More specifically, the truck box tarpaulin hold down is supplied by attaching a flat rectangular plate to the side of a truck or trailer box to be covered. On one half of the plate a plurality of gripping cleat cogs that extend outward are supplied. These cleat cogs may extend at a right angle to the plate or at a slight angle downward therefrom. Further, a single cleat cog maybe used, however, in most situations a plurality of cleat cogs would be used to allow for adjustment. These cleat cogs may be attached to the plate or formed from the plate by punching a louver shaped section outward from the plate. At the opposite side of the rectangular plate is attached a roll tube retainer bracket. This component is generally "L" shaped with the shorter portion of the "L" attaching to and extending outward from the rectangular plate. The longer portion of the "L" then extends upward and forms a parallel surface to that of the rectangular plate, thereby forming a bracket in conjunction with the rectangular plate. A "j" shaped configuration would function equally as well. Finally, one or more gripping cleats are attached to the tarpaulin shaft with rivets, bolts or other suitable fastening means.

When the tarpaulin is fully deployed by use of the roll tube, it rests in a position in which the tarpaulin gripping cleats are precisely aligned with the gripping cleat cogs located on the rectangular plate. As the tarpaulin roll tube is moved down it first engages the roll tube retainer bracket. The roll tube retainer bracket serves to keep the tarpaulin roll tube from moving away from the rectangular plate. Subsequent rolls cause the cleat to engage one of the cleat cogs and thus, to secure the roll tube and tarp in a covered or closed position.

For a better understanding of the present invention reference should be made to the drawings and the description in which there are illustrated and described preferred embodiments of the present invention.

DESCRIPTION OF THE DRAWINGS

FIG. 1 is a perspective view of the uniform tension truck box tarpaulin hold down showing the manner of its use in conjunction with an open top trailer and the orientation of said invention in relation to the open top trailer.

FIG. 2 is a front elevation view of the present invention showing the orientation of its major components.

FIG. 3 is a side elevation view of the present invention showing the orientation of its major components.

FIG. 4 is a front elevation cut-away view of the present invention showing the orientation of the gripping cleat component of said invention as it is located on the leading edge of the tarpaulin.

FIG. 5 is a front elevation view of the present invention showing the orientation of the gripping cleat and tarpaulin in relation to said invention just prior to engagement of the cleat to the cleat cogs.

FIG. 6 is a side elevation view of the present invention showing the orientation of the gripping cleat and tarpaulin in relation to said invention just prior to engagement of the cleat to the cleat cogs.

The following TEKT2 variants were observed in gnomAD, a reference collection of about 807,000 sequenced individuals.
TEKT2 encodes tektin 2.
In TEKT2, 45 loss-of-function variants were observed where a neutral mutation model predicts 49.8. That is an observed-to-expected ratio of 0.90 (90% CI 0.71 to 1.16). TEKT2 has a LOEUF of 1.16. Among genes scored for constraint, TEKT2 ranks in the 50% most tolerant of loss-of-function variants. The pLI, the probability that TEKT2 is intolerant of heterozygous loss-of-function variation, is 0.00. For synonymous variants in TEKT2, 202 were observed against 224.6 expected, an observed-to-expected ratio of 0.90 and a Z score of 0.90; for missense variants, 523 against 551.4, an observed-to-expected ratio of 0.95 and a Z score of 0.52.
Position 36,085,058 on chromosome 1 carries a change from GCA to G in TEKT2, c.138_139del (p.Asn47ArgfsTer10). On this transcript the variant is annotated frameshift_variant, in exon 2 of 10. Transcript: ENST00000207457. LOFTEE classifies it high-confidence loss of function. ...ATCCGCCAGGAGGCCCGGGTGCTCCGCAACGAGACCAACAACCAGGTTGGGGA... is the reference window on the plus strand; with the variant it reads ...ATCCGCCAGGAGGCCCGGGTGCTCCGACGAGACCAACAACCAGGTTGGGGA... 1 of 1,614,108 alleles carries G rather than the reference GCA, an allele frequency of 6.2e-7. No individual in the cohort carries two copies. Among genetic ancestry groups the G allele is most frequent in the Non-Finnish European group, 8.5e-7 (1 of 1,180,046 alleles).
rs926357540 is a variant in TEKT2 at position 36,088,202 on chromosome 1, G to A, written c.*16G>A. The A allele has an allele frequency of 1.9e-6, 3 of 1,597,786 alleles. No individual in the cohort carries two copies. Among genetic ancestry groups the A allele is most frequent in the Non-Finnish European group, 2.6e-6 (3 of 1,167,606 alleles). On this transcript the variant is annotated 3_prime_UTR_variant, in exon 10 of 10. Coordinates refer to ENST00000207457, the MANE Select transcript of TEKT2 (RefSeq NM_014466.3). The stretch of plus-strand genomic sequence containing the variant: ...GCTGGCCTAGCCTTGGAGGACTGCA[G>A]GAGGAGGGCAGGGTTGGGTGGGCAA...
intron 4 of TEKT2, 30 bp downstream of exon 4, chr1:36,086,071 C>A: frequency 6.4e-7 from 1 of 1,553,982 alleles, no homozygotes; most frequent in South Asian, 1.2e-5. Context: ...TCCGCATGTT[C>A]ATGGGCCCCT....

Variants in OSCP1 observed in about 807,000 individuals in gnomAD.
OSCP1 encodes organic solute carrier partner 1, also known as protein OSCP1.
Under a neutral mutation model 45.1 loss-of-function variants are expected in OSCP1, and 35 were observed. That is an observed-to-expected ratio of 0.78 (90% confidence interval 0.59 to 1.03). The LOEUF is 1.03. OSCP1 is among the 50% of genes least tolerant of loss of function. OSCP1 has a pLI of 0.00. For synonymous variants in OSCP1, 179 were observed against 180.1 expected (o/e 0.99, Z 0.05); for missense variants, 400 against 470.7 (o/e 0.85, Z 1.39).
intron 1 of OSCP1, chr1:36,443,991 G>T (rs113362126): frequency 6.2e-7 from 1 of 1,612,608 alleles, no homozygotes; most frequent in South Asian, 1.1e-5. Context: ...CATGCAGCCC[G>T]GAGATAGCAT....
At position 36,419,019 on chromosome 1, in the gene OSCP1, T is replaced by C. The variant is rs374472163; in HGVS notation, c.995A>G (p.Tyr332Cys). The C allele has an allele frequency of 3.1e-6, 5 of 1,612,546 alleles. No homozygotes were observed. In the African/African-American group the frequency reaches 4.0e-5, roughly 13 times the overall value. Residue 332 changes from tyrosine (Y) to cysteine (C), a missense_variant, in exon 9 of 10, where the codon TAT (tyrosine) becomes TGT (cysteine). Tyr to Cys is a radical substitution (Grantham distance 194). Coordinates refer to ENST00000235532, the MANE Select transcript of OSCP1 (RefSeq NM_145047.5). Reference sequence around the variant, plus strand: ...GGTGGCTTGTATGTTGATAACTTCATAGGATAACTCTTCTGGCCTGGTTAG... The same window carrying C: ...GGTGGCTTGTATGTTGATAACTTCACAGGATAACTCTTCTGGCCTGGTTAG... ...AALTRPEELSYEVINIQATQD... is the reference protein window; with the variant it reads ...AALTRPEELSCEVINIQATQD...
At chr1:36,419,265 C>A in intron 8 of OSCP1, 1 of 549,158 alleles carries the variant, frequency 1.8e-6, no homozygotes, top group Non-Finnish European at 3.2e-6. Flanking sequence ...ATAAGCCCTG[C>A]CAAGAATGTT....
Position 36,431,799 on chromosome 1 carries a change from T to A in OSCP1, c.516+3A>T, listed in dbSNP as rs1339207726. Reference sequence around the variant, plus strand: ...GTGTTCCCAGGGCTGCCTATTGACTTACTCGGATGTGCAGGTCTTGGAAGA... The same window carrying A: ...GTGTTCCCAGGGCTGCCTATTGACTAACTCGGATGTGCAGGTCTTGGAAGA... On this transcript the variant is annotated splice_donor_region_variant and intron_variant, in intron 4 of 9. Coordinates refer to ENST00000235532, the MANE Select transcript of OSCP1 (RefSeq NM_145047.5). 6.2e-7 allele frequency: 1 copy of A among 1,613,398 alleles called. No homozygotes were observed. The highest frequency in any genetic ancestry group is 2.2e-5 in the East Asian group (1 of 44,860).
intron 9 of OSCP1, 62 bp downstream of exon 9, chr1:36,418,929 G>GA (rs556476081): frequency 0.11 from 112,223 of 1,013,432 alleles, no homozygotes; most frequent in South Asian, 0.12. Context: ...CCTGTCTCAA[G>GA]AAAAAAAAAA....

FIG. 7 is a side elevation view of the present invention showing the orientation of the gripping cleat and tarpaulin in relation to said invention after engagement of the cleat to the cleat cogs.

FIG. 8 is a perspective view of an alternative embodiment of the present invention in which an electric motor is mounted to said invention in order to automate the rolling and unrolling of said tarpaulin.

FIG. 9 is a front elevation view of an alternative embodiment of the present invention in which the cleat cogs are formed by punching out a portion of the rectangular plate.

FIG. 10 is a side elevation view of an alternative embodiment of the present invention in which the cleat cogs are formed by punching out a portion of the rectangular plate.

DESCRIPTION OF THE PREFERRED EMBODIMENT

Referring now to the drawings, and more specifically to FIG. 1, the Truck Box Tarpaulin Hold Down 10 mounts to the open truck box 24 in a plurality of locations on the open truck box upper side frame 28. The open truck box upper side frames 28 are spanned at their upper surfaces by the tarpaulin support bows 30 which bow in a upward direction in relation to the open truck box 24 and provide the frame work upon which the tarpaulin 12 rests in its unrolled position. Additionally, the tarpaulin support bows 30 are spanned horizontally by the center ridge strut 32 which supplies longitudinal integrity to the tarpaulin support bows 30.

The tarpaulin 12 can be then rolled or unrolled over the above described structure by the use of the tarpaulin roll tube 14. The tarpaulin roll tube 14 also serves the purposes of providing longitudinal integrity to the unrolled, or covered position, and as storage for the tarpaulin 12 in the rolled, or uncovered position. At its most reward end, the tarpaulin roll tube 14 is connected to the tarpaulin crank handle 16 and the tarpaulin crank shaft 18 through the crank handle universal flex hose 20, or a common knuckle. The crank handle universal flex hose 20, or knuckle provides, an effective way of transferring the diagonal rotational force applied at the tarpaulin crank handle 16 and to the horizontal tarpaulin roll tube 14 in order to roll and unroll the tarpaulin 12. The crank handle 16 may be secured when not in use by attaching it to one of the crank handle attachment brackets 22 located on either side of the open truck box end gate 26.